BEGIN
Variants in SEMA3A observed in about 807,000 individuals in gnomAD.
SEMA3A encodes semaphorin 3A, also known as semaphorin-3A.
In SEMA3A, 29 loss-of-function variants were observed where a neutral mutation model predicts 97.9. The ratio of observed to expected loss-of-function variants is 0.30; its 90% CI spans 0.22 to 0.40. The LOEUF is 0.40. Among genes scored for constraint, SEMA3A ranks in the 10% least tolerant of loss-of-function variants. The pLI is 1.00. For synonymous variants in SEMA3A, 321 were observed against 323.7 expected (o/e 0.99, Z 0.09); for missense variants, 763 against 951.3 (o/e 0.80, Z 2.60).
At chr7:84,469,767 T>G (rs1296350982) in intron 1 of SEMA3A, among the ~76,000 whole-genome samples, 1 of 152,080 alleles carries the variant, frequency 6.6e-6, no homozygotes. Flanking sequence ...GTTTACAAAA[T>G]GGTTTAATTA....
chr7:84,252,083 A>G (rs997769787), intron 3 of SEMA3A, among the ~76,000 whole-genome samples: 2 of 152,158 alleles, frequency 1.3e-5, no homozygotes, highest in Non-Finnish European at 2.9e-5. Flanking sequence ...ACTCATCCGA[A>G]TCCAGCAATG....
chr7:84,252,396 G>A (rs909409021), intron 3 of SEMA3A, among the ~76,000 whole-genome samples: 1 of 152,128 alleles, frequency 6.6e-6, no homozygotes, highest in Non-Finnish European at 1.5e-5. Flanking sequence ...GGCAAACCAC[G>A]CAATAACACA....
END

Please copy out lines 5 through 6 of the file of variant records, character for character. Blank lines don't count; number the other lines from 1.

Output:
chr7:84,252,083 A>G (rs997769787), intron 3 of SEMA3A, among the ~76,000 whole-genome samples: 2 of 152,158 alleles, frequency 1.3e-5, no homozygotes, highest in Non-Finnish European at 2.9e-5. Flanking sequence ...ACTCATCCGA[A>G]TCCAGCAATG....
chr7:84,252,396 G>A (rs909409021), intron 3 of SEMA3A, among the ~76,000 whole-genome samples: 1 of 152,128 alleles, frequency 6.6e-6, no homozygotes, highest in Non-Finnish European at 1.5e-5. Flanking sequence ...GGCAAACCAC[G>A]CAATAACACA....